In DepthSYMBIOSIS

A lichen ménage à trois

See allHide authors and affiliations

Science  22 Jul 2016:
Vol. 353, Issue 6297, pp. 337
DOI: 10.1126/science.353.6297.337

You are currently viewing the summary.

View Full Text

Log in to view the full text

Log in through your institution

Log in through your institution

Summary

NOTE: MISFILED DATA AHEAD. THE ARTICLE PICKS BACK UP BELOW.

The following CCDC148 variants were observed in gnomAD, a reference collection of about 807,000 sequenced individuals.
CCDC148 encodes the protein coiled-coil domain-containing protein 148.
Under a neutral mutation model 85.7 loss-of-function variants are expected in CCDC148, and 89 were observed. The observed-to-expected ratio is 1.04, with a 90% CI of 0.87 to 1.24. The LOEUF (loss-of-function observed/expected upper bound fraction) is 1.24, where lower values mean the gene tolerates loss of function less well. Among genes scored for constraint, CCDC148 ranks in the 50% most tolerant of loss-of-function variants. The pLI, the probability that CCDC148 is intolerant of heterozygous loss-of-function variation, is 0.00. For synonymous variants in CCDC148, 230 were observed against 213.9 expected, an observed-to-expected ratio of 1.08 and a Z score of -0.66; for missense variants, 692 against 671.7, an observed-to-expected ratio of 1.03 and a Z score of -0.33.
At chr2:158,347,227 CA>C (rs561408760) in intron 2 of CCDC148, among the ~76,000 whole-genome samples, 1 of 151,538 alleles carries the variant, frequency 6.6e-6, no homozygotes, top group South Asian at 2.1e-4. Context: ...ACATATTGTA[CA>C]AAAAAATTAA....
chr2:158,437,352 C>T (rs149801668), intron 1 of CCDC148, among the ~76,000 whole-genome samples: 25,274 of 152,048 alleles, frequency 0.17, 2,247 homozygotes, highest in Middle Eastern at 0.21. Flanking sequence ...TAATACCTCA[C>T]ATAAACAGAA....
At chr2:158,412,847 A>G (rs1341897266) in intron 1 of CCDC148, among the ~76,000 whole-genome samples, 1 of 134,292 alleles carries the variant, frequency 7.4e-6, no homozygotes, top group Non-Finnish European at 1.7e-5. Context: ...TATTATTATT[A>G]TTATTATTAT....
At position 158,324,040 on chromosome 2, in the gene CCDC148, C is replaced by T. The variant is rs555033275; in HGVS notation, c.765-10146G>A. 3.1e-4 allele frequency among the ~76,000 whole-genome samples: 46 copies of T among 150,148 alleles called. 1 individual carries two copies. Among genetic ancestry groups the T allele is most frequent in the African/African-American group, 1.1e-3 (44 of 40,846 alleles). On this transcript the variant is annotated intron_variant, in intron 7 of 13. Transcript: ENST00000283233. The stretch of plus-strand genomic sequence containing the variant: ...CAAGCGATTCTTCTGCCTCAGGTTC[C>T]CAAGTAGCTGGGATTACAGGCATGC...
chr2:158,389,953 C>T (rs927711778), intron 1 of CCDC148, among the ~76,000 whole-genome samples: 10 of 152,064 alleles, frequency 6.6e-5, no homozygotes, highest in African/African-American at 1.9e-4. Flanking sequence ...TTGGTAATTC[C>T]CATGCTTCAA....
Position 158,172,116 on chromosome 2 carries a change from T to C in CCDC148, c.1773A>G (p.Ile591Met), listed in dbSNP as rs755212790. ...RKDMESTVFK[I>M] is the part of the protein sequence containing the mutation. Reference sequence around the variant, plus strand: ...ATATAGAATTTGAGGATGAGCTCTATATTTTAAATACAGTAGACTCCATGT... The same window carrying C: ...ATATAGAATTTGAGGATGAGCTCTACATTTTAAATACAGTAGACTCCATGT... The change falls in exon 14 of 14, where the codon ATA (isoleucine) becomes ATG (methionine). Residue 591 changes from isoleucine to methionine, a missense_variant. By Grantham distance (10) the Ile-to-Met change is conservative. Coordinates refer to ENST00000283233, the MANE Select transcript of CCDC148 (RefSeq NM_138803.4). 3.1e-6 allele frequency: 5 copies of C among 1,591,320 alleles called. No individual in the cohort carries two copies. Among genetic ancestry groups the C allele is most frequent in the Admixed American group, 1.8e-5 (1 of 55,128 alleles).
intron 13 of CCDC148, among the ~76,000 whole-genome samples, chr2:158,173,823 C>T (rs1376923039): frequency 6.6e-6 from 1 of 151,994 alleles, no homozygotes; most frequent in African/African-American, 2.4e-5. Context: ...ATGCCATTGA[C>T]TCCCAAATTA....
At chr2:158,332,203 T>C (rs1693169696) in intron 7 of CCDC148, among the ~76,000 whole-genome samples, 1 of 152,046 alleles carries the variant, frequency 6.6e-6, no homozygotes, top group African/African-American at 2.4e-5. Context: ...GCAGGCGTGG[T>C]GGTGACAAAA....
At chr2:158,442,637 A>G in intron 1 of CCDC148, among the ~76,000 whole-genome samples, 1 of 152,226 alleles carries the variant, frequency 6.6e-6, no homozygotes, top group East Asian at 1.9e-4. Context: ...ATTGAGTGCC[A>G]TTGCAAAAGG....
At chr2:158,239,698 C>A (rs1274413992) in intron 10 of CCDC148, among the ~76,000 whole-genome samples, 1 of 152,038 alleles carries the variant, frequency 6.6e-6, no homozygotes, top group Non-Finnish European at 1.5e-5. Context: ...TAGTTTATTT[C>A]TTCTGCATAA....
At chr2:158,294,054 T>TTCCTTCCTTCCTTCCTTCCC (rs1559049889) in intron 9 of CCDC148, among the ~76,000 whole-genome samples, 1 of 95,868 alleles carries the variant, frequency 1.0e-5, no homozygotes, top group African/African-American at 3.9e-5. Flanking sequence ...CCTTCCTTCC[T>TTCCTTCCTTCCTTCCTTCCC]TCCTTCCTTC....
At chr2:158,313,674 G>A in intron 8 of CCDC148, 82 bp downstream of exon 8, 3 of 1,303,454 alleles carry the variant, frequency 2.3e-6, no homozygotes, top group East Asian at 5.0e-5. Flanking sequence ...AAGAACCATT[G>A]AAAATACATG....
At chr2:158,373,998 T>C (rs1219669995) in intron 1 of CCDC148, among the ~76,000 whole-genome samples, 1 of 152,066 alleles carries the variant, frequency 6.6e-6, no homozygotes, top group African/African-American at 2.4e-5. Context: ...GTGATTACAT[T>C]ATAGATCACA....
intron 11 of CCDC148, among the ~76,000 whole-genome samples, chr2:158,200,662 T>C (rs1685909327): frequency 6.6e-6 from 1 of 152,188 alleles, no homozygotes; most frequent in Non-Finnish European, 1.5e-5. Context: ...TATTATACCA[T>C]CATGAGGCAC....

Lichen isn't much to look at—often just a gray, yellow-green, or garish orange crust on rock or bark. Yet lichens cover up to 6% of Earth's surface, by one estimate. Now, modern genomics is revealing that lichens are startlingly complex. For some 140 years, scientists have understood lichens to be a symbiosis between a fungus, which provides a physical structure and supplies moisture, and a photosynthesizing alga or cyanobacterium, which produces nutrients. Studies of gene activity have now revealed that many lichens are instead a threesome, with two fungi in the mix. The role of the second fungus, a yeast, is uncertain, and some lichen aficionados aren't convinced it is a true symbiotic partner. But others say it's time to throw the textbook understanding of lichens out the window.